Since the signing of the Comprehensive Peace Agreement of 2005 the state of Jonglei in South Sudan has experienced widespread local violence and insecurity. A generation of “youth in crisis” is perceived to be at the heart of the problem. Based on insights garnered from nearly 150 interviews in Jonglei (Twic East, Duk, Uror, Nyirol, Akobo and Bor) and Juba in the period October 2012 to April 2013, this PRIO Paper demonstrates that there is no “youth rebellion” in Jonglei. Instead, the civil war and subsequent violence has contributed towards expanding the very definition of youth. Currently perceptions of “youth” in Jonglei encompass most able bodied boys and men. Despite increased independence of “youth” vis-à-vis older generations, insecurity and intercommunal violence in Jonglei state have also promoted social cohesion within local communities.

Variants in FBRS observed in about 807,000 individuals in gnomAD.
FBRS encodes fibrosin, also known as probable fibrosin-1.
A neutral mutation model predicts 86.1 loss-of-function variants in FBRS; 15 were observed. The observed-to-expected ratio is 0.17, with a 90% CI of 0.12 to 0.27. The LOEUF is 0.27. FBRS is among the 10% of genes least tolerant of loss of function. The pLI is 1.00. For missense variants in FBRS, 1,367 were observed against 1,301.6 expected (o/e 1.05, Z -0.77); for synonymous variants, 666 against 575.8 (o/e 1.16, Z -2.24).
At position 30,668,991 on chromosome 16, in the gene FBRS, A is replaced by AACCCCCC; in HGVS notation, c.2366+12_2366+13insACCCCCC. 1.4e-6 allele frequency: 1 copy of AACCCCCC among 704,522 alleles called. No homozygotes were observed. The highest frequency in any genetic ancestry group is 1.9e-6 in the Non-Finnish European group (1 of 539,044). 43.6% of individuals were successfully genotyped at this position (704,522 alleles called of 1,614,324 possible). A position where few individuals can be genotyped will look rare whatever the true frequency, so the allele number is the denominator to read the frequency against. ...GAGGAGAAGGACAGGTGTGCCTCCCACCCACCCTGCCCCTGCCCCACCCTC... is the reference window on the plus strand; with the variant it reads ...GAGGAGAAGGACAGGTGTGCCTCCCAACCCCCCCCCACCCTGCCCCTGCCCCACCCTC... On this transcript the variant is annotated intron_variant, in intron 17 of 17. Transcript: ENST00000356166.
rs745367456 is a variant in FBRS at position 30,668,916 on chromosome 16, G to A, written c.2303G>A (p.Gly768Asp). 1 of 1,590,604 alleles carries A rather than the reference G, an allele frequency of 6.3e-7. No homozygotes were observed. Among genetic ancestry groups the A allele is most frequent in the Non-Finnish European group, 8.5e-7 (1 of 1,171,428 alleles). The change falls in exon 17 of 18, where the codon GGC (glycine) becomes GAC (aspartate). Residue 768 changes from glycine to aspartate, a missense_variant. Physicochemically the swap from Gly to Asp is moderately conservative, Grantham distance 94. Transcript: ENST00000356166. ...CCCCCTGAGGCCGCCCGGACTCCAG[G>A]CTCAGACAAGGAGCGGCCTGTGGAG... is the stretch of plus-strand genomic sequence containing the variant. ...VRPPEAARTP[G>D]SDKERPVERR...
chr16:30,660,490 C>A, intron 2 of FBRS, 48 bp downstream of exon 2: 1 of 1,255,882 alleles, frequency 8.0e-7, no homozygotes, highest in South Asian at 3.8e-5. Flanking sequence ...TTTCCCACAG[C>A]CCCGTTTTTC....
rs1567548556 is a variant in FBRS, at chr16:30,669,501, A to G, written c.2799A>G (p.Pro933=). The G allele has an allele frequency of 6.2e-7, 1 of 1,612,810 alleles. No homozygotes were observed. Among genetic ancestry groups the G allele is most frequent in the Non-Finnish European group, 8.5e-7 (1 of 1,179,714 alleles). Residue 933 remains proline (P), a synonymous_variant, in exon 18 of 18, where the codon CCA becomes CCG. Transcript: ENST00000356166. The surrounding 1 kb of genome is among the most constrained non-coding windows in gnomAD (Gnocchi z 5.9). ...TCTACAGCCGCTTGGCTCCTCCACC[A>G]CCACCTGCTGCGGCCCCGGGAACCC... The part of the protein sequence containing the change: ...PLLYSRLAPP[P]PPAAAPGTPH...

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Violence in Jonglei is closely linked to the prevailing security vacuum in rural areas and participation of “youth” in violence is a consequence of the political economy of civil war and large-scale violence, but also their social role and responsibilities as protectors of the community. As long as the state cannot adequately provide security and rule of law, youth in Jonglei will continue to arm themselves.
The report is an outcome of the PRIO research project Youth and Violence in South Sudan. Its findings are based on a multi-disciplinary methodology combining in-depth semi-structured interviews with analysis of a broad range of documentation and academic literature. The project is funded by the Norwegian Ministry of Foreign Affairs.